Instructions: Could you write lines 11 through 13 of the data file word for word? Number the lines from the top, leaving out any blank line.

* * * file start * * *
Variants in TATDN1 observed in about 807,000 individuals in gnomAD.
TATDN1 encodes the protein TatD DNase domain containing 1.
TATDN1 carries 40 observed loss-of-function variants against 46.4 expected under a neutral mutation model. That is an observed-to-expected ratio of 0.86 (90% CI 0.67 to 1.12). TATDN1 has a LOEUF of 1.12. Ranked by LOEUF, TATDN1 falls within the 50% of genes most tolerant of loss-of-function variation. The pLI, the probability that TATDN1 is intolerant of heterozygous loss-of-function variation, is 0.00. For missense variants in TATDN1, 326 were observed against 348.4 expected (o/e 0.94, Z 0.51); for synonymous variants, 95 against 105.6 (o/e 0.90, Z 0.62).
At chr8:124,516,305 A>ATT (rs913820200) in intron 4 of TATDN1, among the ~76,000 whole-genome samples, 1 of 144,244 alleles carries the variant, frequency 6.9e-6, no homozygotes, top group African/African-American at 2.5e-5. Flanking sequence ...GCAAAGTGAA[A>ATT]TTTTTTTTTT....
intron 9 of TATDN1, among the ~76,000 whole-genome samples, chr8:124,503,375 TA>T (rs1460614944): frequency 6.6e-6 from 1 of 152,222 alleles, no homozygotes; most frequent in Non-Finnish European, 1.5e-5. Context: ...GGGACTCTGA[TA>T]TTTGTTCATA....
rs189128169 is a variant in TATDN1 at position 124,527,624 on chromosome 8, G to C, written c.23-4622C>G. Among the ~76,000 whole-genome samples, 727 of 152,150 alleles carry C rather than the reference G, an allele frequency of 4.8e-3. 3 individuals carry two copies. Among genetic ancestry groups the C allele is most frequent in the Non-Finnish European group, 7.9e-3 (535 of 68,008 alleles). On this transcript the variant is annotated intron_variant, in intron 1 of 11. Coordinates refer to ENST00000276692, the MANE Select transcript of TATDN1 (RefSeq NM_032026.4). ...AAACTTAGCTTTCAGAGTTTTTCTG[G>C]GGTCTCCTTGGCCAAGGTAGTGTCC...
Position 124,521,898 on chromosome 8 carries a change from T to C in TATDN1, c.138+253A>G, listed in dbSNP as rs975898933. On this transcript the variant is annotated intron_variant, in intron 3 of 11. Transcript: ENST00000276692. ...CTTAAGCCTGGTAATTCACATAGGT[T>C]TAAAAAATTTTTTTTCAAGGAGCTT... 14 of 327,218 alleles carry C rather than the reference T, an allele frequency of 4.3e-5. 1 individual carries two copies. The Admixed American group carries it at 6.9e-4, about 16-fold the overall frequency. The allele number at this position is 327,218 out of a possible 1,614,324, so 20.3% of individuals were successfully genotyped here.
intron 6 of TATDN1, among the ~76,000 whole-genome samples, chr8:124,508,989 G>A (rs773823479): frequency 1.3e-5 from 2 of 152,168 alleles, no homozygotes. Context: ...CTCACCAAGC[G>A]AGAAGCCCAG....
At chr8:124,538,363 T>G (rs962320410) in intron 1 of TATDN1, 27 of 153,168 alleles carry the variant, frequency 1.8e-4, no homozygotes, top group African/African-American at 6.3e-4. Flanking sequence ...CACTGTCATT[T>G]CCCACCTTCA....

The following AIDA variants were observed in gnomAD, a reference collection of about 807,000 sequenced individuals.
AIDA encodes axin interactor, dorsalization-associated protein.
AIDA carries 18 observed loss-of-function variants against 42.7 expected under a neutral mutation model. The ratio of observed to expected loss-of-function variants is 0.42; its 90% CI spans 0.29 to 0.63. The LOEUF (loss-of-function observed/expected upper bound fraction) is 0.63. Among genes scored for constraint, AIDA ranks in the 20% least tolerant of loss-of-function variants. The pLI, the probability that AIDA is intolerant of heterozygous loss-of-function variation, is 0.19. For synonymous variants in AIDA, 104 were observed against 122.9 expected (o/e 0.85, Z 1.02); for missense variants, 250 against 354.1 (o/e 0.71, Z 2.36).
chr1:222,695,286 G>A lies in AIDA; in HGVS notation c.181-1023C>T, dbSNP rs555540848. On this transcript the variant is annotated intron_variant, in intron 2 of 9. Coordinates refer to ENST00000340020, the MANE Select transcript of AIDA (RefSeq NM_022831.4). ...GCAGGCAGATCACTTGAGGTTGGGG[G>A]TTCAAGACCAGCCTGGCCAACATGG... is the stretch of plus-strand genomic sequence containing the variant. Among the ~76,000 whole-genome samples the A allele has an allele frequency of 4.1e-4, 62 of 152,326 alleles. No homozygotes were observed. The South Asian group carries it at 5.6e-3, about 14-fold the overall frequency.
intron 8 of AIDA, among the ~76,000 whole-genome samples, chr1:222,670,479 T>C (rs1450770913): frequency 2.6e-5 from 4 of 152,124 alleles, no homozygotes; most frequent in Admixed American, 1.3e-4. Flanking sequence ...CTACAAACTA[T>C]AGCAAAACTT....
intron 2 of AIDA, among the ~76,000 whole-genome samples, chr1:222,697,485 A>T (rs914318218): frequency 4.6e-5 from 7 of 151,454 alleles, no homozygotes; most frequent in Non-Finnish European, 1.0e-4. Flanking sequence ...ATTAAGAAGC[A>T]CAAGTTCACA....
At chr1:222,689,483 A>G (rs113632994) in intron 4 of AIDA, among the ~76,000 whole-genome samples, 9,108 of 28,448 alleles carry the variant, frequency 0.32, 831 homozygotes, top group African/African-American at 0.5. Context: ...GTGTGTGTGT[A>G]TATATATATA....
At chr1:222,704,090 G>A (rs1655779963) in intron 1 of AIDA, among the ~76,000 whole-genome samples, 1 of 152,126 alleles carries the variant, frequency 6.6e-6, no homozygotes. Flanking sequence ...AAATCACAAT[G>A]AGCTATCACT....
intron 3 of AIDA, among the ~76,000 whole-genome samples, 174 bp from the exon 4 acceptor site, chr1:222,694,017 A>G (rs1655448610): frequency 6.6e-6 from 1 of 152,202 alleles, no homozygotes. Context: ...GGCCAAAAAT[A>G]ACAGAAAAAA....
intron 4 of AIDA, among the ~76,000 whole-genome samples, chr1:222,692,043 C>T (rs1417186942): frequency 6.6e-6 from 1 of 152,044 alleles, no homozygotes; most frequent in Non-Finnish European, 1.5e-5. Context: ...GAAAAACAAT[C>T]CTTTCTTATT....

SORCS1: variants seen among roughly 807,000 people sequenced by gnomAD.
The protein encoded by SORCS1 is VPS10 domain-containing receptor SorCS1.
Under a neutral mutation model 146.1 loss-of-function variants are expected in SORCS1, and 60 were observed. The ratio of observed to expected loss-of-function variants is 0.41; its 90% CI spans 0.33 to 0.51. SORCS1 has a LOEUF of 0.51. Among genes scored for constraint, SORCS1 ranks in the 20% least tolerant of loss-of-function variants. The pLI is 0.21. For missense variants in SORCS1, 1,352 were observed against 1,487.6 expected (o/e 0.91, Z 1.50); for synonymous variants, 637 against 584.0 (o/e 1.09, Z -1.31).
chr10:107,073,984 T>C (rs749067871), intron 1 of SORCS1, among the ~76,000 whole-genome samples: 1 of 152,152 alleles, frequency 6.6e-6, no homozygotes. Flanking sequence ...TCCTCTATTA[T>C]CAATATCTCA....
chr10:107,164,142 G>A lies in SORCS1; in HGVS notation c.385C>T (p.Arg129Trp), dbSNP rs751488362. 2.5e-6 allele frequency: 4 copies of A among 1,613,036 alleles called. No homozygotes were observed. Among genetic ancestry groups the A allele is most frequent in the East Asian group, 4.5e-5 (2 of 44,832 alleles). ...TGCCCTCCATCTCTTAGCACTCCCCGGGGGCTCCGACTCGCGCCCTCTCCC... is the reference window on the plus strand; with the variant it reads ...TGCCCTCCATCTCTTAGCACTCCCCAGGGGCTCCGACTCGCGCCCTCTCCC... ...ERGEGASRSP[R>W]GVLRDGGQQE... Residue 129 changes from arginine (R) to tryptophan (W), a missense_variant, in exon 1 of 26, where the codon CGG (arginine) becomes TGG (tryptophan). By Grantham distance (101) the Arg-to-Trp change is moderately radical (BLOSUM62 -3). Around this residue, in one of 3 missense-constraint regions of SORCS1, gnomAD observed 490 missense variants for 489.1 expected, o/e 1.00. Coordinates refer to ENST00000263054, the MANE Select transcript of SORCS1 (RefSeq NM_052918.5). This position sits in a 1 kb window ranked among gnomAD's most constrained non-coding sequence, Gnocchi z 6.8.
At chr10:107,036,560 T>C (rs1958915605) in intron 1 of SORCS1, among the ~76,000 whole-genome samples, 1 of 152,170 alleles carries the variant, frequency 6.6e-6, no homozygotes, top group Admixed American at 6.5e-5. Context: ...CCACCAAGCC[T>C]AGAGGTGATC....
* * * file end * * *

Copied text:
AIDA encodes axin interactor, dorsalization-associated protein.
AIDA carries 18 observed loss-of-function variants against 42.7 expected under a neutral mutation model. The ratio of observed to expected loss-of-function variants is 0.42; its 90% CI spans 0.29 to 0.63. The LOEUF (loss-of-function observed/expected upper bound fraction) is 0.63. Among genes scored for constraint, AIDA ranks in the 20% least tolerant of loss-of-function variants. The pLI, the probability that AIDA is intolerant of heterozygous loss-of-function variation, is 0.19. For synonymous variants in AIDA, 104 were observed against 122.9 expected (o/e 0.85, Z 1.02); for missense variants, 250 against 354.1 (o/e 0.71, Z 2.36).
chr1:222,695,286 G>A lies in AIDA; in HGVS notation c.181-1023C>T, dbSNP rs555540848. On this transcript the variant is annotated intron_variant, in intron 2 of 9. Coordinates refer to ENST00000340020, the MANE Select transcript of AIDA (RefSeq NM_022831.4). ...GCAGGCAGATCACTTGAGGTTGGGG[G>A]TTCAAGACCAGCCTGGCCAACATGG... is the stretch of plus-strand genomic sequence containing the variant. Among the ~76,000 whole-genome samples the A allele has an allele frequency of 4.1e-4, 62 of 152,326 alleles. No homozygotes were observed. The South Asian group carries it at 5.6e-3, about 14-fold the overall frequency.